Brief Interventions for Patients Ready to Quit


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Preparing to Quit Tobacco

Man Walking Up Steps

Several quick steps during an office visit or hospital stay can help the patient in their quit attempt. Help patients develop a plan for quitting and facilitate anticipation of problems and problem solving. Help them to:

  1. Set a date to quit: Note - For some people, starting immediately is effective; for others, getting everything in place first feels important.
  2. Seek support: Tell the people in their lives that they are quitting. This includes asking for support and asking those who use tobacco to join them in a quit attempt or not use it around them.
  3. Anticipate challenges including withdrawal symptoms and address them. For example, lifestyle changes can reduce stress and improve quality of life (e.g., exercise or walking), and reduce exposure to smoking cues. Review what was learned from previous quit attempts. How to address withdrawal is specifically addressed later in this module.
  4. Remove tobacco and triggers to using it from their environment. For example, throw out cigarette lighters.
  5. Abstain completely: Recommend complete abstinence from tobacco and avoiding alcohol. Any smoking, even a single puff, increases the likelihood of a full relapse, although a slip does not mean failure.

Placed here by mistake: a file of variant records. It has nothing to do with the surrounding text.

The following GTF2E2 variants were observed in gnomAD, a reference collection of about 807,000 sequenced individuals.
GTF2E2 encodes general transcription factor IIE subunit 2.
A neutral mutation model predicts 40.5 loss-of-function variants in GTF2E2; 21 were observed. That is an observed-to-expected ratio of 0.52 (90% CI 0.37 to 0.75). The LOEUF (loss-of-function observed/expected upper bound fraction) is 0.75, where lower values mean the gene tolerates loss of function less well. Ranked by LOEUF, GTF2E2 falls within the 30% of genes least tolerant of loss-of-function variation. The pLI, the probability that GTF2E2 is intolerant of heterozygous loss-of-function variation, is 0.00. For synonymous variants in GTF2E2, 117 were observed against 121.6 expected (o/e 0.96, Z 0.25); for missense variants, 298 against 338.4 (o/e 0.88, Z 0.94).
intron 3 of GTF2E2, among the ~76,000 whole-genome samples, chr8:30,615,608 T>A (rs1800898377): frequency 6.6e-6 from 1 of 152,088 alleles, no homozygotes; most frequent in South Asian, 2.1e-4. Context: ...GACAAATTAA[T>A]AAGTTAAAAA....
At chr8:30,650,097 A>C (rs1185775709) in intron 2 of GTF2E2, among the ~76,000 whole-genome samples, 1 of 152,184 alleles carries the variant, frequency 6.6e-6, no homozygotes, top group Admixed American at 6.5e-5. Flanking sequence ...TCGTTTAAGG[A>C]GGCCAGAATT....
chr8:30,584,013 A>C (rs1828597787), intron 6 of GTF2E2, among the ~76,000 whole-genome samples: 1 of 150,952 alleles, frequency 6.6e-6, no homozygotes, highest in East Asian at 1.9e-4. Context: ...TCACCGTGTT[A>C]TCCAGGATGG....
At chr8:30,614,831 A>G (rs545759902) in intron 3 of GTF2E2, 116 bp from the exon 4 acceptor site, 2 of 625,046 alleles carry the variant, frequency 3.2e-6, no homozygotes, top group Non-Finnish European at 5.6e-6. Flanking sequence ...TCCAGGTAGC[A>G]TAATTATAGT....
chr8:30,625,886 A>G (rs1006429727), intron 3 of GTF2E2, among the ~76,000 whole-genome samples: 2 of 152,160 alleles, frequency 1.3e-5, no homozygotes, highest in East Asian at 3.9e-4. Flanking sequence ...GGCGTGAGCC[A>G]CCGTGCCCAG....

6. Be knowledgeable: Provide basic information about smoking/using tobacco and successful quitting. For example, provide the following information:
    • Withdrawal symptoms usually peak 1 to 2 weeks after quitting but may persist for months (Symptoms include negative mood, urges to smoke, and difficulty concentrating)
    • Describe the addictive nature of smoking.
  7. Prescribe medication: Recommend tobacco cessation medication to support the quit attempt (covered on a following page).Most patients will have their chances of success in quitting tobacco improved by the addition of a tobacco cessation medication (Fiore et al, 2008). Exceptions are specific groups for which there is not enough evidence of effectiveness, such as teens or pregnant women.
  8. Provide quitline number: Advise the patient of the local quit line number or provide the national number: 1 800 QUIT NOW for additional support.

(Fiore 2008)


Next we will show how to apply these steps with Ms. Ashley Mason, who we met earlier. She has returned after 2 months with another upper respiratory infection and is now ready to quit.

View ReferencesHide References
Fiore MC, Jaen CR, Baker TB, et al. Treating Tobacco Use and Dependence: 2008 Update. Clinical Practice Guideline. Rockville, MD: U.S. Department of Health and Human Services. Public Health Service. May 2008. Available at: Accessed on: 2013-09-26.